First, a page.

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Art in the Age of Anxiety:
An Interview with Sharjah Art Foundation’s Omar Kholeif

YOUNG HAE CHANG HEAVY INDUSTRIES, SAMSUNG (video still), 2018. From ‘SAMSUNG’, 2000–2018. Video; 3 minutes 37 seconds. Installation view: Art in the Age of Anxiety, Sharjah Art Foundation, 2020. Courtesy of the artists. Photo: Danko Stjepanovic

Sharjah Art Foundation (SAF) Director of Collections and Senior Curator Omar Kholeif dives into the foundation’s current exhibition Art in the Age of Anxiety, the curatorial vision and research that drove the show, as well as the resulting output from the exploration of our individual and collective relationships with the digital and technological spheres.

Art Dubai (AD): Tell us a little bit about your curatorial vision and extensive research for this exhibition and how it came about.

Omar Kholeif (OK): It feels like a long time ago now when the kernel of this idea was seeded. While I was in the early planning stages of Sharjah Biennial 14, Sharjah Art Foundation’s inimitable President and Director, Hoor Al Qasimi invited me to conceptualise an exhibition for Sharjah that took technology as its starting point in some way. I would soon come to work for the Foundation full time and call Sharjah home. I had been coming to the UAE for over a decade and curated many projects here and thus the context felt deeply familiar, but at the same time, my comings and goings made me look at it with fresh eyes.

Along the years and journeys, I came to know that this country is verifiably the most ‘social’ nation per capita in the world, in terms of media. Indeed, according to most statistics, somewhere between 91-96 percent of the population hold active social media accounts. Innovation has also always been a key narrative and driving force for and in the Emirates.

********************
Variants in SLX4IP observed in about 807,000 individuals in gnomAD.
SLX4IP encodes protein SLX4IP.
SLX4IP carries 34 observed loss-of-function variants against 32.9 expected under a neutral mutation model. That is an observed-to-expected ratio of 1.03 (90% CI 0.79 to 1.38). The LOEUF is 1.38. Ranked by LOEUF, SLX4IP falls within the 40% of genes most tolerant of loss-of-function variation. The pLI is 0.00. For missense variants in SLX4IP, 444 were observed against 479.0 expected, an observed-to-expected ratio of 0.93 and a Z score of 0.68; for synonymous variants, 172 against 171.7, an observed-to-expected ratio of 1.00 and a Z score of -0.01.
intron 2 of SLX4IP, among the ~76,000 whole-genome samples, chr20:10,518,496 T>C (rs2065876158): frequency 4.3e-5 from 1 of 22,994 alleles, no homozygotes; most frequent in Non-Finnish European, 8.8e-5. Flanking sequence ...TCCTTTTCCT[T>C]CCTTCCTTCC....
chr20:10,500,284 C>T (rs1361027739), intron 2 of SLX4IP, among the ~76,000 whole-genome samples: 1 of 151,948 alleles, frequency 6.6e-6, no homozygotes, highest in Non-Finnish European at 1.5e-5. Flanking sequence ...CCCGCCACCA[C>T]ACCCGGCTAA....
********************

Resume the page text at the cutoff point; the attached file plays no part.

I found this level of literacy an enthralling starting point to consider. I have been organising exhibitions that engage with the context of the internet and digital culture since I start curating and I noticed that what had changed radically over the last fifteen years was how human consciousness had somehow shifted because of peoples’ connectivity with their everyday technologies, such as their smartphones, and their attendant networks, systems and platforms.

I was stunned by how quickly news spread across RSS (Really Simple Syndication) feeds and proliferated across great geographic expanses creating new mechanisms and systems of belief. The entire field of visual culture and its perception had changed. Fake news quickly became real news before being dismissed and replaced by new news. As such, my aim with Art in the Age of Anxiety was to explore the relationship between the internet (particularly as engendered through everyday technologies) and both our individual and collective consciousness.

“The concept of ‘Anxiety’ emerged from my own fear of this media’s’ ‘instability’ and the potential for the truth to be continually contorted and re-imagined by the internet’s vast user bases. It also echoes what political scientist Will Davies has referred to as ‘nervous states’, which can simply be articulated as a state where human rational forces are continually being replaced by the emotional facets of our minds.”